Purpose: To investigate the level of expression, activation state, and functional significance of extracellular signal regulated kinase (ERK) in prostate cancer.
Materials and methods: Human prostate tissue samples (n = 22) were obtained from patients undergoing radical prostatectomy for localized adenocarcinoma of the prostate (n = 16, age range 44 to 72 years) or normal prostate specimens (n = 6, age ranges 19 to 47 years) obtained from rapid autopsy. Immunoblots, in vitro kinase assays, and immunohistochemistry were used to determine the expression and activation state of ERK in human prostate cancer.
Results: Immunoblot and in vitro kinase assays demonstrated a 15-fold increase in ERK activation in prostate cancer specimens compared with normal human prostate tissue; however, ERK expression levels were only 1.3-fold higher in cancer. Immunohistochemical analysis demonstrated similar expression of ERK in cancer and normal tissues; however, phosphorylated ERK demonstrated greater intensity in the cancer specimens. Experiments conducted on a prostate cancer cell line demonstrated that EGF induced activation of ERK and cellular proliferation was partially inhibited by PD98059, a chemical inhibitor of the immediate upstream signaling component responsible of activation of ERK.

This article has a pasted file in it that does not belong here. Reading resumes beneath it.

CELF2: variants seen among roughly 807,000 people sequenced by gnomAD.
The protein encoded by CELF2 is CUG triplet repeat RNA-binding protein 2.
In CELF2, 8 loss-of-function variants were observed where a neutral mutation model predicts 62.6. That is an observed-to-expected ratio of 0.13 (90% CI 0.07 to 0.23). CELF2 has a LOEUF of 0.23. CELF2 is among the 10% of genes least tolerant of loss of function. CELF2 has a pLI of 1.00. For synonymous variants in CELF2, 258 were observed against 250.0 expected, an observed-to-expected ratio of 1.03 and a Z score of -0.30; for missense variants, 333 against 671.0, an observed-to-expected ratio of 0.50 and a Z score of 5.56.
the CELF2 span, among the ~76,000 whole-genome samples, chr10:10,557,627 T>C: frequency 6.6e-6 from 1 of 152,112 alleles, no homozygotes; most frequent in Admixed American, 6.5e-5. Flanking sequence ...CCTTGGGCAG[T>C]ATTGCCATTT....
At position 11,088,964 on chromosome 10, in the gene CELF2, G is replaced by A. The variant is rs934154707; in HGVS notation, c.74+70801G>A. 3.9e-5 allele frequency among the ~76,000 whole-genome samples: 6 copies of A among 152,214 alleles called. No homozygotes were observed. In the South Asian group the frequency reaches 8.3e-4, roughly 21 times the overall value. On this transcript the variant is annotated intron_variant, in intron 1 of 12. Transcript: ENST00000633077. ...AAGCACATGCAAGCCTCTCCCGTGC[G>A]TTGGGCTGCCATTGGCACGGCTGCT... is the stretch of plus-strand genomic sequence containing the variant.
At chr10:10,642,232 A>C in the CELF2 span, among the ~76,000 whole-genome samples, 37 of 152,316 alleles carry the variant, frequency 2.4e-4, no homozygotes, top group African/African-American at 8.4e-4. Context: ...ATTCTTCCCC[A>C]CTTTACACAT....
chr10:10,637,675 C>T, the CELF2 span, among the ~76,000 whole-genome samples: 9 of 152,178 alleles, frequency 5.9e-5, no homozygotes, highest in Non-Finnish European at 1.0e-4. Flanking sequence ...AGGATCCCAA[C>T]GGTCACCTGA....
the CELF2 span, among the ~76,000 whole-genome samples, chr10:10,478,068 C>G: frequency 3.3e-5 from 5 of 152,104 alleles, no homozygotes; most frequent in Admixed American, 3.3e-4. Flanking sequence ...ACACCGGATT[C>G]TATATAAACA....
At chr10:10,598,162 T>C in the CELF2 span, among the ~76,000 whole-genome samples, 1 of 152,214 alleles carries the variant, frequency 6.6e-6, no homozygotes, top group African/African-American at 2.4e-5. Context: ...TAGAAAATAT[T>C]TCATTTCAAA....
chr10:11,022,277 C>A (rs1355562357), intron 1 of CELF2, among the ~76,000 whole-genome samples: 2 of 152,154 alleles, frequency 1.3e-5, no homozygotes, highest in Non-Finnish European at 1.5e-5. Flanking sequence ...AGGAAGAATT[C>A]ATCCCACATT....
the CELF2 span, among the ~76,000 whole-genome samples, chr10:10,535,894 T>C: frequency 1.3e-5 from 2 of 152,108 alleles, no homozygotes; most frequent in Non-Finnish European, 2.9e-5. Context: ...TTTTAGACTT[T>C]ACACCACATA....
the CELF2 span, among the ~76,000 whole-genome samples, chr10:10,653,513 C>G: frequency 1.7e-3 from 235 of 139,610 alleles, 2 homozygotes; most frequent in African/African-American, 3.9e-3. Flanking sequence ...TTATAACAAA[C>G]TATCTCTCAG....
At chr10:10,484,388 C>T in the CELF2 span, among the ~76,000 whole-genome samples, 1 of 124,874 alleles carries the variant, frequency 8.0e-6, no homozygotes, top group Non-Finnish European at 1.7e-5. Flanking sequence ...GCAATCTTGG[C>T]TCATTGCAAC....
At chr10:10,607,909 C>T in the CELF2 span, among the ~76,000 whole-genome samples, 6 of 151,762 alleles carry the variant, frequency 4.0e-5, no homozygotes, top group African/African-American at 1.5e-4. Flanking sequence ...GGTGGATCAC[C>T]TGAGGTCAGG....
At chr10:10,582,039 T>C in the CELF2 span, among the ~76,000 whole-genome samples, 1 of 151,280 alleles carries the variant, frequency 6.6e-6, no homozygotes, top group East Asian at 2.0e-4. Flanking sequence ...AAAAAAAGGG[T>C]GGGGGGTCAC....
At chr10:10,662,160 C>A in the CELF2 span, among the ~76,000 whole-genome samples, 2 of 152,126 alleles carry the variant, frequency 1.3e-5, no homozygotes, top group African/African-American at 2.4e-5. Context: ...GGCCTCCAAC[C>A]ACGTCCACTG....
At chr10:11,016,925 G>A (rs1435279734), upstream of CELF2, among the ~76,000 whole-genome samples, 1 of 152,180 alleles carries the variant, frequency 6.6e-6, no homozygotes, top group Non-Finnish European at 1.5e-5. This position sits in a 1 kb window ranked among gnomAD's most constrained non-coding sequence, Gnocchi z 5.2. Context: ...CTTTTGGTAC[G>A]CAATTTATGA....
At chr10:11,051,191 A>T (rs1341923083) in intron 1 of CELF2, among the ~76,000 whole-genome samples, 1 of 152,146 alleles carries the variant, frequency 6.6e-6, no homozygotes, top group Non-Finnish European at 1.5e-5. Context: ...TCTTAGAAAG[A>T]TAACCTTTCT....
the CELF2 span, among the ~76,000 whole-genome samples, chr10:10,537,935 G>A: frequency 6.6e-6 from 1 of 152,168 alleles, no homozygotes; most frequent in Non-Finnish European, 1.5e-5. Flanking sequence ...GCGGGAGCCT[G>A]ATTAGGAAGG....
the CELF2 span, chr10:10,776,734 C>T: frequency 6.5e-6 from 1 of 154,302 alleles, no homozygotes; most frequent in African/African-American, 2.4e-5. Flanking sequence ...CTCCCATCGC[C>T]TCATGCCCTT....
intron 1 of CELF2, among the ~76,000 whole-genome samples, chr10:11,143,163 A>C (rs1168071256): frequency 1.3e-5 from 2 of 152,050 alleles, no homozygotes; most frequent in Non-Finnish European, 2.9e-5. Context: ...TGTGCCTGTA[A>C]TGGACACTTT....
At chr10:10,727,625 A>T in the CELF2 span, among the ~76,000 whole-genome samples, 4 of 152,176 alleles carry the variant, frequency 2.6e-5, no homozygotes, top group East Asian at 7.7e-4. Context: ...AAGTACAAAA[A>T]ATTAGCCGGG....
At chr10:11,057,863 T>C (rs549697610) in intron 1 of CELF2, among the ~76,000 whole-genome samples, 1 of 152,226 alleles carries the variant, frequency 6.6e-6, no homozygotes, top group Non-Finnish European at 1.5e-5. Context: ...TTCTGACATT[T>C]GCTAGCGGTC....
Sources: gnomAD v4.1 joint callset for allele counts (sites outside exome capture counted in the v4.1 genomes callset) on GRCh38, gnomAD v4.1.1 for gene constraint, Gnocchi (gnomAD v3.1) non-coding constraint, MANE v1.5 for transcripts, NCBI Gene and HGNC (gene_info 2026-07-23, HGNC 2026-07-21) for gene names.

Conclusions: Collectively, these data demonstrate a dramatic increase in ERK activation in prostate cancer compared with normal prostate tissue and suggest that inhibitors designed to target this signal transduction cascade might have therapeutic benefit in the treatment of prostate cancer.